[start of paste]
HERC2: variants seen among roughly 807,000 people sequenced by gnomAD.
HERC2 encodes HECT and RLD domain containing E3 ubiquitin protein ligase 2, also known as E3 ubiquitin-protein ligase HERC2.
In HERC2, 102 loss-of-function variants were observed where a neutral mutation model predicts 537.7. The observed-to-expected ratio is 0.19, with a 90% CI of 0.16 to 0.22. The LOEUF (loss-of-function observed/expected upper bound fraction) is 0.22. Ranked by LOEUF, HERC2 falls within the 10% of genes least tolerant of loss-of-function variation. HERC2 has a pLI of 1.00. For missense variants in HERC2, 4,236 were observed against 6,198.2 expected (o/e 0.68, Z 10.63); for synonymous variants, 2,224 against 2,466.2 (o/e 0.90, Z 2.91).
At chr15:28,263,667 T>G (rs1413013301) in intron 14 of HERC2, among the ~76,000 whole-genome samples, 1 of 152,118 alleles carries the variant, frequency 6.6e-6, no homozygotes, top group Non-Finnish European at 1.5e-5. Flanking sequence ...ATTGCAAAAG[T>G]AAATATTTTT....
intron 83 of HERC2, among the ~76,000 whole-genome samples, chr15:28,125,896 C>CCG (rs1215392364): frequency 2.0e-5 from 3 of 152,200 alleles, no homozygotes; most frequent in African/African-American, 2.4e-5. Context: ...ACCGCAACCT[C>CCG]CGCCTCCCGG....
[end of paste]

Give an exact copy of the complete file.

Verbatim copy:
HERC2: variants seen among roughly 807,000 people sequenced by gnomAD.
HERC2 encodes HECT and RLD domain containing E3 ubiquitin protein ligase 2, also known as E3 ubiquitin-protein ligase HERC2.
In HERC2, 102 loss-of-function variants were observed where a neutral mutation model predicts 537.7. The observed-to-expected ratio is 0.19, with a 90% CI of 0.16 to 0.22. The LOEUF (loss-of-function observed/expected upper bound fraction) is 0.22. Ranked by LOEUF, HERC2 falls within the 10% of genes least tolerant of loss-of-function variation. HERC2 has a pLI of 1.00. For missense variants in HERC2, 4,236 were observed against 6,198.2 expected (o/e 0.68, Z 10.63); for synonymous variants, 2,224 against 2,466.2 (o/e 0.90, Z 2.91).
At chr15:28,263,667 T>G (rs1413013301) in intron 14 of HERC2, among the ~76,000 whole-genome samples, 1 of 152,118 alleles carries the variant, frequency 6.6e-6, no homozygotes, top group Non-Finnish European at 1.5e-5. Flanking sequence ...ATTGCAAAAG[T>G]AAATATTTTT....
intron 83 of HERC2, among the ~76,000 whole-genome samples, chr15:28,125,896 C>CCG (rs1215392364): frequency 2.0e-5 from 3 of 152,200 alleles, no homozygotes; most frequent in African/African-American, 2.4e-5. Context: ...ACCGCAACCT[C>CCG]CGCCTCCCGG....